9/11: Iranian general accuses US of organising September 11 terror attacks 'to justify invasion of Middle East'
Top Iranian military commander, Brigadier General Ahmad Reza Pourdastan, has accused the United States of carrying out the 9/11 terror attacks in order to justify an invasion of the Middle East "with the goal of ruling it".
The commander of Iran’s ground forces, made the comments in an interview with Iran’s state-owned Al-Alam news channel, which broadcasts in Arabic as opposed to Farsi.
According to a translation by the US-based Middle East Media Research Institution, he referred to the current conflicts in Iraq and Syria, and told the interviewer: "These wars in the middle and these threats stem from a comprehensive American strategy.
"After the fall of the Soviet Union, the Americans felt that a new force was beginning to materialise, namely the union between Sunnis and Shias. The basis of this force was the blessed Islamic Revolution in Iran, this force is Islam, or the Islamic world. “
He went on to accuse the US of masterminding the terror attacks on 11 September 2001, which killed almost 3,000 people.
"The first thing they did was to plan and carry out the events of 9/11, in order to justify their presence in Western Asia, with the goal of ruling it," he said.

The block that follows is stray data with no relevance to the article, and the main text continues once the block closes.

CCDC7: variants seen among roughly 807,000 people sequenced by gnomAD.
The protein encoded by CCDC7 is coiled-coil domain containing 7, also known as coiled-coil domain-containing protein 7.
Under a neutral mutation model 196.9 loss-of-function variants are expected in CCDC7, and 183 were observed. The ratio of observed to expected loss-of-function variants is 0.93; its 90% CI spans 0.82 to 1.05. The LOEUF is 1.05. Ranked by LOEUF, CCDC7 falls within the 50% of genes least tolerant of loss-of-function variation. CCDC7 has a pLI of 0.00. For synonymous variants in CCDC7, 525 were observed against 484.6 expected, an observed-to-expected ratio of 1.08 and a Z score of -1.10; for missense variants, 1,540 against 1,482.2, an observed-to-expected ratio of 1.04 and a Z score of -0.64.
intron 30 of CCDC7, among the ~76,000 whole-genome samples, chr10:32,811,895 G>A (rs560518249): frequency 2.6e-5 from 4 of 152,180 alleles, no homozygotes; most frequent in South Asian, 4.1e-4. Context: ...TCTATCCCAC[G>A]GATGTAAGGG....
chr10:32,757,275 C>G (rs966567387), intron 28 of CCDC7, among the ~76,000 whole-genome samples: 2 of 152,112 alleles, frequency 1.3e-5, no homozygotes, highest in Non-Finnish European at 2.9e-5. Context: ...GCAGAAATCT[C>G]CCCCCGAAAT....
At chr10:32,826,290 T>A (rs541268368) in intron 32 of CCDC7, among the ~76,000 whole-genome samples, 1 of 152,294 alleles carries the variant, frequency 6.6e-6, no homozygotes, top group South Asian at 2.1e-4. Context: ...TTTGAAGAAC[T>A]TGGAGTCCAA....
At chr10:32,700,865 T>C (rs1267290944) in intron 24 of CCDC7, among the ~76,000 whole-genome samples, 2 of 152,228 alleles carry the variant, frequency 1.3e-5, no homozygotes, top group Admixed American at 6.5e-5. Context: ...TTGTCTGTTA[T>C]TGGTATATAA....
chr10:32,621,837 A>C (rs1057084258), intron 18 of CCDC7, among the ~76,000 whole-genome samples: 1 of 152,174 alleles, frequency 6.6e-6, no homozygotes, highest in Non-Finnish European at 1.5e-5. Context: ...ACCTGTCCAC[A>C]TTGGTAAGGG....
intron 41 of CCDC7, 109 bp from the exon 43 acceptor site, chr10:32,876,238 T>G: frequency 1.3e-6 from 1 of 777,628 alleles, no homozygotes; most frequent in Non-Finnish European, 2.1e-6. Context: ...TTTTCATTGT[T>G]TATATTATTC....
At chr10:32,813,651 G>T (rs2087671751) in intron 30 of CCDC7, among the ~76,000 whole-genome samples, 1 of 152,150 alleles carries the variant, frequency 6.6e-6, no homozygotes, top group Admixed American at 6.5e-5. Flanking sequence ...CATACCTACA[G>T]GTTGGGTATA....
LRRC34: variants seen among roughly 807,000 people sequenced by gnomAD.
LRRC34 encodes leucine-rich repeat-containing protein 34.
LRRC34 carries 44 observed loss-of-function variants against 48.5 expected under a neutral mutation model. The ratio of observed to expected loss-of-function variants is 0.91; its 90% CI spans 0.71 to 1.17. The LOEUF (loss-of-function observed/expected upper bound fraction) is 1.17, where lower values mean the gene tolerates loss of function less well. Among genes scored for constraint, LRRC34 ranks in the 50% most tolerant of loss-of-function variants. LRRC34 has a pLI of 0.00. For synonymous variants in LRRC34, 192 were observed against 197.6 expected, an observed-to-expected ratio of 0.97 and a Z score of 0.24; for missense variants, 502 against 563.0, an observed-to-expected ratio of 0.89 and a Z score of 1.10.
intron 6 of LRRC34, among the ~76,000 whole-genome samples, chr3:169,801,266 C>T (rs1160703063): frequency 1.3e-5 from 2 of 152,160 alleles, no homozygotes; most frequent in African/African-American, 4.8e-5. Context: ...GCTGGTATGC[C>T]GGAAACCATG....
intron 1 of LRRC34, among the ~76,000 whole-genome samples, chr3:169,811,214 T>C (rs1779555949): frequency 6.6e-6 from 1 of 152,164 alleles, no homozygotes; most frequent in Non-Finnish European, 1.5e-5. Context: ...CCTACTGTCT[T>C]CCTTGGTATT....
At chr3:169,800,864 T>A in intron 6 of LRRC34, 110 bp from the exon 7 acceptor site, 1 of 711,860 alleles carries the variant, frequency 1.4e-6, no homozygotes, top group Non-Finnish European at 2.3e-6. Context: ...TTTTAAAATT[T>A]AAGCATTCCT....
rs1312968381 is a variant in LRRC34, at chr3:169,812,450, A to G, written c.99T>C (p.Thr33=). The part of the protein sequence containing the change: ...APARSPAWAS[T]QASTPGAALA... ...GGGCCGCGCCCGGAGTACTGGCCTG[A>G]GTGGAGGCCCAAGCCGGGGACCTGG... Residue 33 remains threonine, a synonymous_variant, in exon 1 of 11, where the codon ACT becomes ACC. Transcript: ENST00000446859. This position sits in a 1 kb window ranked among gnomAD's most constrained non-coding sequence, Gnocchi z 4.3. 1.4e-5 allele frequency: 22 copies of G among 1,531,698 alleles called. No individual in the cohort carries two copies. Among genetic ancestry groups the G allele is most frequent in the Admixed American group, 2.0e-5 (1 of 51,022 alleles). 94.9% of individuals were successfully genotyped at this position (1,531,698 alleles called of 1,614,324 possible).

Mr Pourdastan also went on to warn Isis, whose extremist anti-Shia Sunni fighters have captured swathes of Iraq and Syria, against venturing across the Iranian border.
Appearing to reject Isis’ claims that its fighters are truly Muslims, he said: "If [Isis] tries to come within 40km of our borders, we shall confront them, and make them witness the might and capabilities of the Muslim soldiers."
His comments come amid a tentative thawing of tension between the US and Tehran amid negotiations on a nuclear deal, following three decades of animosity.
Negotiators from the US and five other nations are attempting to secure an agreement by the end of June requiring Iran to curb its nuclear program in exchange for an easing of sanctions which has damaged the nation's economy.
This week, the US Senate will begin debating a bill allowing Congress to review the potential agreement.
Independent News Service